Should vocalists provide their own PA?

Discussion in 'Studio & Stage' started by andy474x, Oct 14, 2013.

  1. andy474x

    andy474x Knows the Drill

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    So, my bandmates have been a bunch of little b*tches lately... you know how it goes, the last minute backouts, the theoretical interest in practice and gigs that never materializes. So, I'm looking to move on, and have been searching a bit.

    I get in contact with a fellow that seems nice enough, an "experienced vocalist" that wants to get an 80's and on rock group together, inform him that I have a practice space, but the only equipment I have is my guitar gear. Which I think is reasonable, I'm a guitar player and nothing else. He specifically asks if I have PA equipment, and I say no. So he suggests that maybe we should work on some acoustic stuff.

    DUDE.

    I didn't buy 2 PRS guitars, a PRS amp, and a pimped out pedal board to hold hands and sing Kumbaya. To be fair, this guy has been very pleasant, but it just grinds my gears when supposedly experienced vocalists expect to walk into a gold mine of band equipment, and don't think they have to contribute at all (this has happened to me before). Especially when they whine about having to buy a good vocal mic, stuff like that. Granted, I also don't expect them to have a PA system to play at an NFL stadium, but it would be nice if they at least had something that could handle their vocals at practice and small gigs where the instruments aren't being mic'd. Even as someone who only has SE gear, between amps, guitars, pedals, upgrades to gear, my gig rig comes in around $4G's. I'm not saying this to brag - I know there are people here who bring single guitars to a gig worth as much as my whole setup. And how much more frustrating must it be when you've got $10 grand in your rig, and a whiny vocalist who won't spend a fraction of that on PA gear? My point is, if guitarists, bassists, and drummers shell out thousands on our equipment, why don't vocalists realize that their voice is their instrument, and they need to have the equipment for it, just like we need an amp for our guitar?

    Just frustrated I guess, someone being a vocalist is one of those claims that never really tells you what you're going to get.

    End rant.
     
  2. Egads

    Egads Happy

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    My personal pet peeve i when the singer doesn't help haul and set up the PA.

    The band gear debate is a tough one. So many bands have built up heir gear over time that a singer often can just step into a full blown setup.

    I think I've given up looking for a singer. Someone that plus something always seems more interesting to me. One of my bands has been of the circuit for quite a while now, since our lst singer quit (to take up Roller Derby, which lasted bout a month). Since then, we've been just playing and each of us sings some (me way less than the others). We're just starting a search for a musician that can also sing. We can grow from there.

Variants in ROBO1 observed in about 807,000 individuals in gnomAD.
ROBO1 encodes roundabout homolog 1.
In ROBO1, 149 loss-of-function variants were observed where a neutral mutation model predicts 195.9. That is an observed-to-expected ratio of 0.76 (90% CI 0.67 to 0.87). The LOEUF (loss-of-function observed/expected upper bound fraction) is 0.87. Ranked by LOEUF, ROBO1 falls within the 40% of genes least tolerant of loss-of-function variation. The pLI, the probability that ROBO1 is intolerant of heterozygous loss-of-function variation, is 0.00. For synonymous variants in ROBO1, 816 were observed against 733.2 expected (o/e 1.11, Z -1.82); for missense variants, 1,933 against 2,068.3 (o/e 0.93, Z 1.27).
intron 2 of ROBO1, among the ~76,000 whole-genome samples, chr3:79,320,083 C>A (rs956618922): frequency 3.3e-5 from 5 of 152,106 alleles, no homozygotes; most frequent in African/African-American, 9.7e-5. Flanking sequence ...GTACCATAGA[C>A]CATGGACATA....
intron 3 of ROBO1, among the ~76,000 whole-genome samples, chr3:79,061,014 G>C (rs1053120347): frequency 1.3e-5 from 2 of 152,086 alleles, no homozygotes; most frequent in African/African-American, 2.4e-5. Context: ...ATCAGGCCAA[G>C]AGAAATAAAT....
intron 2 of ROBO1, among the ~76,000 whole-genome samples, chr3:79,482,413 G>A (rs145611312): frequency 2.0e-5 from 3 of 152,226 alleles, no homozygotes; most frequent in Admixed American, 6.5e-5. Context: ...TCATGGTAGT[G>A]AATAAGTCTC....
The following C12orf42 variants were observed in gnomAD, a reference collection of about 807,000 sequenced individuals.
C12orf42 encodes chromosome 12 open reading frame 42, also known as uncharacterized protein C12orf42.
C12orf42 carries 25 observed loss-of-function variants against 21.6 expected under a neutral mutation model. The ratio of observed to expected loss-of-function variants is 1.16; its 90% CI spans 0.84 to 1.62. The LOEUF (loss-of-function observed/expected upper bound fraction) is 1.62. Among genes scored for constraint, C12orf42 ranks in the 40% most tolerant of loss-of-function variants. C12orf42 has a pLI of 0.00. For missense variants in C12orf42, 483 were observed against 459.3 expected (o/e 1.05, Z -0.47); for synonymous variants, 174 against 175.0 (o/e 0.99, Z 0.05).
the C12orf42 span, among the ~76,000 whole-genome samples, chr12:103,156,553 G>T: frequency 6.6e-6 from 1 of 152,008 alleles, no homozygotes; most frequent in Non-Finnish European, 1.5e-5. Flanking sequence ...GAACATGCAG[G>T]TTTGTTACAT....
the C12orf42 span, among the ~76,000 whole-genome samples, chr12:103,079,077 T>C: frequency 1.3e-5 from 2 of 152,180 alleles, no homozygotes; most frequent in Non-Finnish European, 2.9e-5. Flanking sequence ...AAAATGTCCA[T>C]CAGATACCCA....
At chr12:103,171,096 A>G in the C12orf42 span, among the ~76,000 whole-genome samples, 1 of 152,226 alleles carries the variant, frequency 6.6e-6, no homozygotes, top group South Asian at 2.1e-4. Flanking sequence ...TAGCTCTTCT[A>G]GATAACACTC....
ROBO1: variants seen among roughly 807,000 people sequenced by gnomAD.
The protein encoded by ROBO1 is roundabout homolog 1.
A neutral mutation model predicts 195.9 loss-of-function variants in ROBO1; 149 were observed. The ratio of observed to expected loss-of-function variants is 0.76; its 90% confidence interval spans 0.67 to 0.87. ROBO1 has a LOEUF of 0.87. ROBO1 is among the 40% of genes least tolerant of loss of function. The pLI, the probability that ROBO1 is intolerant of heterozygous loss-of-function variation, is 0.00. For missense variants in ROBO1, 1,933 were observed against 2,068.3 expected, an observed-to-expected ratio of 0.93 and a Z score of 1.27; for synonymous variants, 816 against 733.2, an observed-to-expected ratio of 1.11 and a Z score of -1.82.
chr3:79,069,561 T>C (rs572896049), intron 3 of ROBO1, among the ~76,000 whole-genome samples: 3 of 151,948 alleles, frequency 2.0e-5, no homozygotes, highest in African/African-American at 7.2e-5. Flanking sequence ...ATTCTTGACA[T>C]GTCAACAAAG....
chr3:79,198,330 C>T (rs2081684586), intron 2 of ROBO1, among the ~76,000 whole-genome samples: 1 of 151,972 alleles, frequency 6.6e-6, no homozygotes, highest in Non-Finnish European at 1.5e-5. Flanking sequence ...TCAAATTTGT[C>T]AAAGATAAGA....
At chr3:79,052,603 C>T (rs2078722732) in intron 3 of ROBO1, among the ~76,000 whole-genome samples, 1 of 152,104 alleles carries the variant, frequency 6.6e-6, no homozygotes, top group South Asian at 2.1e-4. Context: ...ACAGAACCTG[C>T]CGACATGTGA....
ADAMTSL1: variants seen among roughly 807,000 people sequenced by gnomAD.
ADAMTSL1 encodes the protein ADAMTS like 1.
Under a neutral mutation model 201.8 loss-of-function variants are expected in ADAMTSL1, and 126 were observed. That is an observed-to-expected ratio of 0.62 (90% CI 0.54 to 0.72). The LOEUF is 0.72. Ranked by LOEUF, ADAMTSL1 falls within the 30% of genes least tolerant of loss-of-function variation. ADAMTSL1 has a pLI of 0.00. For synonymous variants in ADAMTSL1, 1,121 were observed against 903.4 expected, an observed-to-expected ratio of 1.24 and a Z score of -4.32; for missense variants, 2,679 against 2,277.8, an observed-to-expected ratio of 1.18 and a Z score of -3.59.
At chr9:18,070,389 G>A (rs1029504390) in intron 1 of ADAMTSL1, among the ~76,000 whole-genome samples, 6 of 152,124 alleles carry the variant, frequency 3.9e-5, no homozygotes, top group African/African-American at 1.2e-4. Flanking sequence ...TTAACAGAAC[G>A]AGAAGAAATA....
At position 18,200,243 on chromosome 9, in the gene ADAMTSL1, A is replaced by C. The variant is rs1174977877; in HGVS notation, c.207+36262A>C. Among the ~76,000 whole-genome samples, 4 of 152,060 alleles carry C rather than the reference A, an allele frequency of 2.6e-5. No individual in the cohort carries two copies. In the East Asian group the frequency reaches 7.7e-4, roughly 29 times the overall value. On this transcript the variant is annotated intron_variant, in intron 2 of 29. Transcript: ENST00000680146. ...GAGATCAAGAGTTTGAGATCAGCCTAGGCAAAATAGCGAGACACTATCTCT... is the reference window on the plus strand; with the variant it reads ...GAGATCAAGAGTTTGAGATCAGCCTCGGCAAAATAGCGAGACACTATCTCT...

3. sergiodeblanc

    sergiodeblanc Get in, loser, we’re going shopping.

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    Singers are d!cks! They never help haul gear, don't own any gear, get all the chicks, and everybody looks at them like they are "the band"!.. That's why I became one.


    Dude should buy his own PA.
     
  4. Albrecht Smuten

    Albrecht Smuten Nine of Hearts

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    Maybe he's used to practice rooms that are fully equiped (where you pay the rent). I've been a "vocalist" in several bands and never owned any equipment except for a mic (once). Wind instrumentalists are the same, though they have bigger motivation in buying proper instrument microphone.

    I'm not saying it's right. I'm saying it's pretty common...
     
  5. Boogie

    Boogie SuperD

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    Yes you did. You only need a generator for being around the camp fire. Play the Anthrax version. :rock:

    Our vocalist owns the PA. We all help load-in and out. It's a team effort or nothing.
     
  6. andy474x

    andy474x Knows the Drill

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    Just when I thought electric guitar couldn't be more awesome, you suggest adding a combustion engine to the equation.
     
  7. Blackbird

    Blackbird Pincher of Harmonics

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    This has been a point of contention with my band, and will probably be the straw that breaks our collective back. I have had to finance the PA and many other equipment purchases. I made the choice to pony up for these things because it was the sticking point for us, we would not be able to move forward and play shows unless we had a PA. I politely asked the others to simply contribute what they could to help with the $350 per month payment that I was shouldering. I respect other people's financial situations, but even if you can contribute $20 a month, that helps and is better than nothing. Our drummer is an attorney for a large university, so his income is public record. The guy makes 150k yearly and hasn't contributed one dime. Then I have to look at my other guitarist's Facebook posts showing them going to this bar and that bar, road trip here and there. Again, money to spend on booze and concerts but can't chunk me $20. So over a few months this built up a fair amount of resentment on my part and we're currently taking a break.
    On the plus side, at least I'll have my own PA for any future projects. And I noticed that wedding DJ's make a crap ton of money for just a few hours of playing songs. So putting the PA to good use and making back my investment might be easier than I thought. But yes, it is frustrating that others expect the band to be a free situation without any sacrifice on their part.